The movie’s cinematography incorporates an embarrassing amount of social media renditions into the storytelling, and at every conceivable turn, social media is used like a hokey “Applause” sign. In a departure from her early aughts romcoms, the real-world spectacle surrounding JLo and Maluma starring together in a major theatrical release, complete with perfectly TikTok-able music, suggests the producers of this film intended to manufacture a legitimate social media frenzy. By incorporating excited characters sharing and liking and livestreaming and commenting, the filmmakers seem to encourage the real-life audience to do the same, a seemingly clever marketing rouse to bolster the reputation of the film and the music that accompanies it. I’m sure the filmmakers fancied themselves clever for coming up with this device, but to me it registers as lazy, uncreative, and insulting to the audience.

The filmmaker’s advocacy for the use of social media is offensively blatant. In the film, Charlie’s *gasp* lack of a social media presence causes other characters in the film to act as though he secretly uses children as drug mules. Being off the grid is essentially a mortal sin in the Marry Me cinematic universe, and a truly disgusting one at that. Nearly every character in the film turns their nose up at Charlie for – God forbid – not having an Instagram. A genuine plot point compares Kat’s inability to handle her own schedule and make herself smoothies to Charlie’s lack of social media, as if both situations represent equal amounts of adult incompetence. It made me wonder whether Meta had secretly funded this film, given the amount of screen time Instagram acquired and how insistent the characters were about it as a necessity (seriously, the movie could be used as an Instagram advertisement).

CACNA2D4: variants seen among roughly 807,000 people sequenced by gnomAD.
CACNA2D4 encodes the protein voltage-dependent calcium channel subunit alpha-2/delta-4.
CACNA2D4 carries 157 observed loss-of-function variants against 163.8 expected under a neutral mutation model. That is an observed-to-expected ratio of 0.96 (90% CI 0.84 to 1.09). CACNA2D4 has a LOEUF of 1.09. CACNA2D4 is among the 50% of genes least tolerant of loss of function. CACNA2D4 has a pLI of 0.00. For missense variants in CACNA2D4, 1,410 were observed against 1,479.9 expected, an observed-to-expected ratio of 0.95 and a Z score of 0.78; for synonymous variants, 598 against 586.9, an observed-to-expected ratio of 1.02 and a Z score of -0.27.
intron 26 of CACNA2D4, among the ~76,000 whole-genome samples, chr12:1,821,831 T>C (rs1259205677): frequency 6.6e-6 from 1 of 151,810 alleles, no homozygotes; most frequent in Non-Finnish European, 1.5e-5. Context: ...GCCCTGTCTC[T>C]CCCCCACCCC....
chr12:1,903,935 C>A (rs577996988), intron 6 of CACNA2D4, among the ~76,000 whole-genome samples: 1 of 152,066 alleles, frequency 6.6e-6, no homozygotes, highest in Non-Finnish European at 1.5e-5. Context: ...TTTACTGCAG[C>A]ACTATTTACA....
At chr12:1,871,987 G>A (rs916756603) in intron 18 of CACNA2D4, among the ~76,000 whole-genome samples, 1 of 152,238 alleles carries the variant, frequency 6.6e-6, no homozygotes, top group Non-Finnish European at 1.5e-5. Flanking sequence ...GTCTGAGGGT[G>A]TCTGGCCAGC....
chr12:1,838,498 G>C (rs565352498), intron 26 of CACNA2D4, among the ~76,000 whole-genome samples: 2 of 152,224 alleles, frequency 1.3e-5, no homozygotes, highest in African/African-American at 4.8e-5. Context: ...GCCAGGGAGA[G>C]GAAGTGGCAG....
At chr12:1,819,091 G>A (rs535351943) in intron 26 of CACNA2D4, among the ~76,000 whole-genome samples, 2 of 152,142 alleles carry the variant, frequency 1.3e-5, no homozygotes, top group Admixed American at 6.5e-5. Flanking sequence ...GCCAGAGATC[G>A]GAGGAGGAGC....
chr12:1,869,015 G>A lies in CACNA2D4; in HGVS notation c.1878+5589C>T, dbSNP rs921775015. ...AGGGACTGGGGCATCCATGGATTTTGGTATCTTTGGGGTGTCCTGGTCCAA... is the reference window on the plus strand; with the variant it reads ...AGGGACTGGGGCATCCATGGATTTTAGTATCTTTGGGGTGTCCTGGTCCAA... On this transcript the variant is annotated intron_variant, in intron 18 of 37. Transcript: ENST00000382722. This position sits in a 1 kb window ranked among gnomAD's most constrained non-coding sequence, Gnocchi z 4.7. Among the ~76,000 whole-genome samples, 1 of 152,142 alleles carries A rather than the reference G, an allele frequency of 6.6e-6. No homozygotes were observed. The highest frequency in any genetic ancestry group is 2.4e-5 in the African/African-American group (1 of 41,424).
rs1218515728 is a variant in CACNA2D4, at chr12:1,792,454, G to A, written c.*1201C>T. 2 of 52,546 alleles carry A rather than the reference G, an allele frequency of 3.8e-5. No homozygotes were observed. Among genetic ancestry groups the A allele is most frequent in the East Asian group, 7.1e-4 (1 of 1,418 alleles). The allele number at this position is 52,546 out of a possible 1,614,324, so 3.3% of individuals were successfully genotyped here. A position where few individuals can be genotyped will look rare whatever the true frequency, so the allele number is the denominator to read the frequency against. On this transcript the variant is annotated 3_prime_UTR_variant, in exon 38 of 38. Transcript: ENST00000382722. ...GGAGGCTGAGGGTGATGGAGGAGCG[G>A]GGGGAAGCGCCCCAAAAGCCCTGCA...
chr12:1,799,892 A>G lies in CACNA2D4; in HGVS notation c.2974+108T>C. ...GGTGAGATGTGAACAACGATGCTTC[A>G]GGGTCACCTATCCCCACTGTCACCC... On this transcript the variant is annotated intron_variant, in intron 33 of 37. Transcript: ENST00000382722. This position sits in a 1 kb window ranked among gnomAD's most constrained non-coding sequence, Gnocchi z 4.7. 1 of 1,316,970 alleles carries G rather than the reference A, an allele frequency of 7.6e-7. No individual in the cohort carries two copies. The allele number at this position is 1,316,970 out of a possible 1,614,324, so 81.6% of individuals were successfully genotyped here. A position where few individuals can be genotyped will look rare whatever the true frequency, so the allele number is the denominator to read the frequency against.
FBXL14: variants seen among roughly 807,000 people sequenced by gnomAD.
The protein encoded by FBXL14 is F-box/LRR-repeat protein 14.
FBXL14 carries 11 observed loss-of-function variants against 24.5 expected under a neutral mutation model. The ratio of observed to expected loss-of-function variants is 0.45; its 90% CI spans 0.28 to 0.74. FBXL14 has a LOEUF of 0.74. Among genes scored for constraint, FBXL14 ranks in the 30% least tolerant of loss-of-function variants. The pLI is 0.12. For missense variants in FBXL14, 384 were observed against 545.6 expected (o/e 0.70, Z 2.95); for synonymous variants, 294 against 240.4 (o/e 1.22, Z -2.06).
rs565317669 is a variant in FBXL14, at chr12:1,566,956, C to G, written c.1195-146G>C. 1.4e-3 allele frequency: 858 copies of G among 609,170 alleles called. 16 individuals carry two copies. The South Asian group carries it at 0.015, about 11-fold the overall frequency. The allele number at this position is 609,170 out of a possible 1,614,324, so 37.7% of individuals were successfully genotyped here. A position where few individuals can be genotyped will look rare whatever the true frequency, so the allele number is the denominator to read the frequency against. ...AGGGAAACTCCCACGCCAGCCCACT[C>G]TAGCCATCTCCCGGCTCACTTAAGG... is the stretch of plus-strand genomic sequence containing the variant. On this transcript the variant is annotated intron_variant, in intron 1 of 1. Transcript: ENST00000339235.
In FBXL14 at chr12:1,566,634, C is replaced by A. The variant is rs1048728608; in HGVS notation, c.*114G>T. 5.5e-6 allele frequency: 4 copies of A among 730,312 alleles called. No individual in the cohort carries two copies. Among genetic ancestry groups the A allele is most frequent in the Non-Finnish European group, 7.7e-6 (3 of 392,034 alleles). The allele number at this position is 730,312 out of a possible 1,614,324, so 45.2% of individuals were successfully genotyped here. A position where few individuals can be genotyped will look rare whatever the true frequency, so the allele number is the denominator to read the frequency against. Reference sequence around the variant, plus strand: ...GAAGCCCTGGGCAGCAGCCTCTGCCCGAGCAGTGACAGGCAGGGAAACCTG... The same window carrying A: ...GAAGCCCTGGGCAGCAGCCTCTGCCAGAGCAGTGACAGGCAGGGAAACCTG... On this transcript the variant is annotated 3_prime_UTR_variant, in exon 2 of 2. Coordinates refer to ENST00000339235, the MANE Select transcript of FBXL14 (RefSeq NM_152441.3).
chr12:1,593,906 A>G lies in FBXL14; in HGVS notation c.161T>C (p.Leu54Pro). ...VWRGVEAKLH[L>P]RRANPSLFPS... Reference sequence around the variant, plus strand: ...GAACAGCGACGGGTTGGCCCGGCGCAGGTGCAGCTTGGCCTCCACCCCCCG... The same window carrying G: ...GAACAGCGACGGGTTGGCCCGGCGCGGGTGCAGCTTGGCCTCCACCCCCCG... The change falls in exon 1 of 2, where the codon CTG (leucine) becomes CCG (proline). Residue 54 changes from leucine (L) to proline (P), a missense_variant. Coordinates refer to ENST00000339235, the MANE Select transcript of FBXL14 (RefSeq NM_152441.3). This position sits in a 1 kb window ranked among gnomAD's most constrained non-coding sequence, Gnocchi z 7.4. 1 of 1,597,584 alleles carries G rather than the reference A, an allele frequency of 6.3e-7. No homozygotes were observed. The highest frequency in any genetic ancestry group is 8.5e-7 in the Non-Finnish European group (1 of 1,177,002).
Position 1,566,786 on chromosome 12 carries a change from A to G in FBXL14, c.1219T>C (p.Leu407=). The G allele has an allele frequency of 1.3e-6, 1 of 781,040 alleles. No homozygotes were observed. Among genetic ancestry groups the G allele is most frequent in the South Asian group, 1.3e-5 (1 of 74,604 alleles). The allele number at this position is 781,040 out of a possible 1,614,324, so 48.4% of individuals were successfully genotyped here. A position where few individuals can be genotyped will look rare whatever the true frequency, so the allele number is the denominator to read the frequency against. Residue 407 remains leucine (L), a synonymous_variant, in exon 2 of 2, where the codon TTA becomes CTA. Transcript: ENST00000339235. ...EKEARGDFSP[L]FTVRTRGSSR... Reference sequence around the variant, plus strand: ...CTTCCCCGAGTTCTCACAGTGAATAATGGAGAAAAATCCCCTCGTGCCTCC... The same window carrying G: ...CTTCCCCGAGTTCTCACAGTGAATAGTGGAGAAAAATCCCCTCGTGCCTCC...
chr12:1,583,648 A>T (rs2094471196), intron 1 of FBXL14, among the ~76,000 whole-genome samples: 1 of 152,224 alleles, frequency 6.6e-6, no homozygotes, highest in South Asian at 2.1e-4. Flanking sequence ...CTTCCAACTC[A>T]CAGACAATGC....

I’m well aware that it may seem like I constantly complain about social media and technology in these essays. Can’t this girl write about something else? How about you quit whining? I get it. But as someone who grew up with these social media platforms, someone who now works in Silicon Valley, and someone who sees the daily impacts of these platforms (“on the ground,” as it were), I am passionate about these qualms. The inclusion of social media as a central plot device may seem innocent, but to me communicates something deeper. It irks me that the ubiquity of social media in our lives has reached the point where it is represented as ubiquitous in a blockbuster film. I don’t denounce the use of technology in full – it’s not lost on me that social media helps people organize events, share their work (like I do), and connect us to our loved ones miles away. But I can’t help but feel like it creates more issues than it solves, and that the law of unintended consequences will only continue until we pave the way to hell with good intentions.